To use a copyrighted product one must either use the fair use clause of copy right or receive approval from the copy right holder, this can be a long process. Copy right can be pretty obvious for something like a movie clip or song, but what about a painting? Obviously if it is the focus of a scene it should be cited and permission should be received to use it, but it gets a little tricky if it is in the background such as in the case of Ringgold v. Black Entertainment Television.
In this case Faith Ringgold sued BET, and HBO for there use of a poster of her work as a set decoration in the show ROC.
In the show a poster of Ringgold’s work Church Picnic is seen in a church but is never mentioned by any cast member or made the focus of the feature.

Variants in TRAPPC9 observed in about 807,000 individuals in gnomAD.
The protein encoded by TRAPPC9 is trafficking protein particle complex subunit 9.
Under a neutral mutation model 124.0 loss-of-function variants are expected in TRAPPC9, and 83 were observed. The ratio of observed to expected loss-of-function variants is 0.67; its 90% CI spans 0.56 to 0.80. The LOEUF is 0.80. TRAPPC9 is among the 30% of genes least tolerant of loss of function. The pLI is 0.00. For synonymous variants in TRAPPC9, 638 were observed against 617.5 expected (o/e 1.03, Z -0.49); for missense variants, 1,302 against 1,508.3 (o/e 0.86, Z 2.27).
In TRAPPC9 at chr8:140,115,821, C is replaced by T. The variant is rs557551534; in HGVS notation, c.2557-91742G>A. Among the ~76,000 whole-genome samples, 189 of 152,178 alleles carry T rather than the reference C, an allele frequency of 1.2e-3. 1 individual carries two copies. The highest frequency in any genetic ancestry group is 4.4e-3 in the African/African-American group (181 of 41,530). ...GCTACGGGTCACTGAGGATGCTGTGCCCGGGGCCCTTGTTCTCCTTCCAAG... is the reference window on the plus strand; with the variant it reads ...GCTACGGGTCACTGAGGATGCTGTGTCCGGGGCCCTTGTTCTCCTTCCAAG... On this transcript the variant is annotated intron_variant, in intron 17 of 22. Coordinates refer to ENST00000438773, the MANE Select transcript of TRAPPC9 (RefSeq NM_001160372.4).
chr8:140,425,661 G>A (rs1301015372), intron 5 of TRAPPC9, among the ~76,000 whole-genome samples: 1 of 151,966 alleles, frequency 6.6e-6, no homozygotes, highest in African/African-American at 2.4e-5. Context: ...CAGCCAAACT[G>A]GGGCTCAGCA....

This case ended in BET,and HBO’s favor as it was decided that the use of the poster fell under fair use.
This case illustrates to me the need to be as careful as possible what goes on to your film, just because BET,and HBO won their court case doesn’t mean they didn’t have to pay the legal fees to defend themselves. While legal fees for a major television network are probably just a drop in the bucket, for a independent filmmaker they could drain your budget and kill your film.